Description - This byway provides visitors with a changing landscape of rugged limestone bluffs and cedar glade outcrops, and offers glimpses of rushing water and calm pools as it follows streams along the route.
Located at the eastern edge of the Ozarks, this scenic byway provides the visitor with a splendid example of the rugged beauty for which the Ozark Mountains are famous. Characteristics of this land include lengthy limestone bluffs, numerous creeks and rivers, waterfalls, and panoramic views of Oak / Hickory forest and short leaf pine stands.
- Included along this scenic byway are a variety of cultural, recreational and educational opportunities which include Sugarloaf Fire Tower and Stone House, of Civilian Conservation Corps (CCC) vintage of the 1930's. National forest pasture land and wildlife fields are scattered along the Byway. They provide early age soft mast vegetation for small game habitat. Near Allison, the highway hugs the side of the wide-flowing White River, deeply entrenched below high limestone cliffs. From there, the Byway rapidly climbs the mountain and becomes a ridge-top highway winding its way to Blanchard Springs Caverns.
Blanchard Springs Caverns is managed by the U.S. Forest Service and is one of the most beautiful, naturally decorated, show caves in the world. This "living" cave is continually adding to the formations already waiting for you when you visit the caverns.
Nestled under high, rock cliffs nearby are Blanchard Picnic Area, campground, swimming beach, and an amphitheater where summer programs presented each night will highlight the folklore, culture, and resource management of the Ozarks.
Blanchard Springs Caverns is the central distribution center for the Ozark Interpretive Association. Here the forest visitor may purchase a variety of books or field guides pertaining to the history, fauna and flora of Arkansas.
Existing support facilities near or adjacent to the scenic byway include numerous small communities along the route. The community of Mountain View provides food services, overnight accommodations, gasoline and automotive services, along with a wide variety of other visitor needs.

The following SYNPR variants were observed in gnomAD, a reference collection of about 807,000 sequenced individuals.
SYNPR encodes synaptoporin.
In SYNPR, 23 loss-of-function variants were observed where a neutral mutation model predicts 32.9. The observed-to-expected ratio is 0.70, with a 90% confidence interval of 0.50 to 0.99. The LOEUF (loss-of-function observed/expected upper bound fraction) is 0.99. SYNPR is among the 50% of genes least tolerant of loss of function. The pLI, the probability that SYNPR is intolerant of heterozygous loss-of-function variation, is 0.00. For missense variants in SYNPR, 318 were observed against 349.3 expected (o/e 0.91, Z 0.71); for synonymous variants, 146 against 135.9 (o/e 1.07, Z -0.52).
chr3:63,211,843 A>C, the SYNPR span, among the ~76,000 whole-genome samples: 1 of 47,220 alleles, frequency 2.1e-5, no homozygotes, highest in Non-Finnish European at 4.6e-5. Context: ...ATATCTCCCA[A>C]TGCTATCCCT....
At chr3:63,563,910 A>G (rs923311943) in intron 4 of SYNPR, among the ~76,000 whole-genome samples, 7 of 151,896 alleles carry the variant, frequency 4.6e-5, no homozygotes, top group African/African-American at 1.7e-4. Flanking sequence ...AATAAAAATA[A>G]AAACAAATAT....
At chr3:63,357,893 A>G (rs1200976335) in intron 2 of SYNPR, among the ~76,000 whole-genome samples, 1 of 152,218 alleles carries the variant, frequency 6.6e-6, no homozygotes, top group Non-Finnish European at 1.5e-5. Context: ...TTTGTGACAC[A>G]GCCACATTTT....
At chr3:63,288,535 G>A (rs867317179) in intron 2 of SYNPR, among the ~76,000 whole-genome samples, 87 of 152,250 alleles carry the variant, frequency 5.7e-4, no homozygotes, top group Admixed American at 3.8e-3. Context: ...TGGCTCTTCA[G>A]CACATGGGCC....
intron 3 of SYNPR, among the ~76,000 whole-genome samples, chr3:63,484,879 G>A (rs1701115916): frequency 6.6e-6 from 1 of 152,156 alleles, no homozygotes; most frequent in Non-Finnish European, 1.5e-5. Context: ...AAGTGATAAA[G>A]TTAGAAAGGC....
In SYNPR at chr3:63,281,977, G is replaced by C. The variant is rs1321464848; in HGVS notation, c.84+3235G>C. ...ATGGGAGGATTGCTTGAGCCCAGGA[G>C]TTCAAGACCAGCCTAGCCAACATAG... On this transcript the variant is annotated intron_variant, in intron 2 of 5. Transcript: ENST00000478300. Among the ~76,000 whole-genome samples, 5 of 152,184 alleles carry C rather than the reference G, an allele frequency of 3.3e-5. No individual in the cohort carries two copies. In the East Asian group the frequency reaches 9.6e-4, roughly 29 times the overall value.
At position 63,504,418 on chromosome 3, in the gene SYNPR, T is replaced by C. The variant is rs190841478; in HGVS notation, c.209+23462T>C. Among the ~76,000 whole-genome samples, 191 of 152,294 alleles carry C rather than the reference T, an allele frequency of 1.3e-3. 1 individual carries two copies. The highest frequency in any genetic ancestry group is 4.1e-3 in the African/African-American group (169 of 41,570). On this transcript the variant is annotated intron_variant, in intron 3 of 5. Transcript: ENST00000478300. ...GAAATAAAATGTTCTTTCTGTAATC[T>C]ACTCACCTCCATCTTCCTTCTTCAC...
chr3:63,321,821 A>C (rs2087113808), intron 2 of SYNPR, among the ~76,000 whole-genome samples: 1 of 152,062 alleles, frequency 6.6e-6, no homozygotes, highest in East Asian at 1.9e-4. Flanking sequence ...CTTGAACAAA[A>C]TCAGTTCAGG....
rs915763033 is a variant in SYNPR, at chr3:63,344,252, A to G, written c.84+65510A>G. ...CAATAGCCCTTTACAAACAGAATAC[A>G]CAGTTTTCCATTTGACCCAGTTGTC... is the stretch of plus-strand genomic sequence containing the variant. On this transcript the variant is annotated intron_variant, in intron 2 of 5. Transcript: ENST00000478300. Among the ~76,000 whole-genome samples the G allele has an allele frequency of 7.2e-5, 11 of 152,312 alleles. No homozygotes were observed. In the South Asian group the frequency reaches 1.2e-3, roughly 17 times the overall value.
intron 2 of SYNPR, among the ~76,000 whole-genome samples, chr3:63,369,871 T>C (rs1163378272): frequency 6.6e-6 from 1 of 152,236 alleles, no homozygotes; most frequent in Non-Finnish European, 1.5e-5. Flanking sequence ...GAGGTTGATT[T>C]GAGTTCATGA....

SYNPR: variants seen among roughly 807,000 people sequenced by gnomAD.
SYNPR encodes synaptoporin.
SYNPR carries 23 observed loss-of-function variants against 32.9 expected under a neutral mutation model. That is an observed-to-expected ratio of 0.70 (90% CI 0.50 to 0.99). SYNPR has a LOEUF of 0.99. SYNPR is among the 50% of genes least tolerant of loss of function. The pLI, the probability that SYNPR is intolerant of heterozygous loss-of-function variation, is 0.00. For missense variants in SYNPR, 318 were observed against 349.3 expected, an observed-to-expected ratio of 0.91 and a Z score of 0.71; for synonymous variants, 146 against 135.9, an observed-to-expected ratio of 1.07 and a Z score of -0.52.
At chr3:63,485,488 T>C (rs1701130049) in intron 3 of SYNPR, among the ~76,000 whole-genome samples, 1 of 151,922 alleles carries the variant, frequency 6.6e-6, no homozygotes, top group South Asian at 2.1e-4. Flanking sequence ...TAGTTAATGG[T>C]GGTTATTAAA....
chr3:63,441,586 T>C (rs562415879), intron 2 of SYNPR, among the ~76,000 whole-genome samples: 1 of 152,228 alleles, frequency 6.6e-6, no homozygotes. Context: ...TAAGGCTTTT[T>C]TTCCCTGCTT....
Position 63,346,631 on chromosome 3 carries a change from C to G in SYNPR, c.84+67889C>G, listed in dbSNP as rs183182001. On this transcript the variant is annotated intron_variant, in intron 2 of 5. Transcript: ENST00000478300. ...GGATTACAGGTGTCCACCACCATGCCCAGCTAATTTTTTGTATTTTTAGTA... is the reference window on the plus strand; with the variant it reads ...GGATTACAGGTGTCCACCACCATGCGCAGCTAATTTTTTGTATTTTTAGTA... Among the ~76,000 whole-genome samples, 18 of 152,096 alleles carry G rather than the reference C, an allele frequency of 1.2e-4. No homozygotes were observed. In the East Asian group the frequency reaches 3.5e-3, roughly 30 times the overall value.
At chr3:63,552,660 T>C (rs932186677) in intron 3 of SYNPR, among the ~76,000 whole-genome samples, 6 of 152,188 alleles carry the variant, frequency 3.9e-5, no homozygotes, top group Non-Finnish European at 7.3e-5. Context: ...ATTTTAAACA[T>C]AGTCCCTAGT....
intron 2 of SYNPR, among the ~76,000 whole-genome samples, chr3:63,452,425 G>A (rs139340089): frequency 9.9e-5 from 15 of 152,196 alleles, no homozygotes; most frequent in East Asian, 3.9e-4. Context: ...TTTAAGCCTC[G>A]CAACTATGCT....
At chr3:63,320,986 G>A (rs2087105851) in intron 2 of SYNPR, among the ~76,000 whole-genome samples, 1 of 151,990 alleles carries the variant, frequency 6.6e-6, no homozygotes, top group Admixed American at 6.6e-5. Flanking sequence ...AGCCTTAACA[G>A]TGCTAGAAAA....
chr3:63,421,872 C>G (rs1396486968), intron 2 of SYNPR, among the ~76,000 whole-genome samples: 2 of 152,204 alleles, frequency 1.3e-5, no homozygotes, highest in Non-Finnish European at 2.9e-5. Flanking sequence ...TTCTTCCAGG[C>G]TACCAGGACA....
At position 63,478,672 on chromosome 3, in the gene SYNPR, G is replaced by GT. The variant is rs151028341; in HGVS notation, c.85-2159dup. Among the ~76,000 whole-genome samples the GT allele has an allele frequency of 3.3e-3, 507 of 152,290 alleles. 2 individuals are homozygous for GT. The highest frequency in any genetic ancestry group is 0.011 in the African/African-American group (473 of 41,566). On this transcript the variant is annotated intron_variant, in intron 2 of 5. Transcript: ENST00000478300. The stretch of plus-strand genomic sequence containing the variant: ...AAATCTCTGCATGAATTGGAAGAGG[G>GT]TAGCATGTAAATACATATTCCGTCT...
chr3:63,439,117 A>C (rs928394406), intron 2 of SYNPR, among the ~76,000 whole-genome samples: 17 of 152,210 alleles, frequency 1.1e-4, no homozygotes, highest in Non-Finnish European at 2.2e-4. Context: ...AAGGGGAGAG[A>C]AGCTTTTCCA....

Recreation - The greatest recreational opportunities in this area include the not to be missed Blanchard Springs Caverns with the accompanying campground and the fabulous wilderness area in the northwestern portion of the district. Camping, waterfalls, caving, and water play make up the recreational opportunities here.
Climate - The Ozark Region has four distinct seasons with a temperature range from 10-15 degrees below zero to over 100 degrees F. Winters have occasional cold periods of brief duration with daily temperatures near zero in January and February. Annual precipitation measures around 50 inches, but the range may vary considerably from this average. Snowfall occurs in the forest covering the ground from a few hours to occasional extended periods of up to several days. The area can offer snow-free outdoor recreation opportunities during the winter months. Be prepared however, for occasional cold weather during the winter, especially at the higher elevations of the Forests.
The Sylamore Scenic Byway is made up of a 26.5 mile portion of Arkansas State Highways 5 and 14 and Forest Service Road 1110. The route traverses 16.5 miles of Arkansas State Highway 5 from Calico Rock to Allison, joining Arkansas State Highway 14 for 6.7 miles to its intersection with Forest Service Road 1110, and continuing 3.0 miles to Blanchard Springs Caverns.
This 26.5 mile paved corridor goes through a beautifully scenic portion of the Ozark National Forest which has been carefully managed for many years as a scenic approach to heavily visited Blanchard Springs Caverns. This route is the major link between Mountain View the and the mountain community of Calico Rock.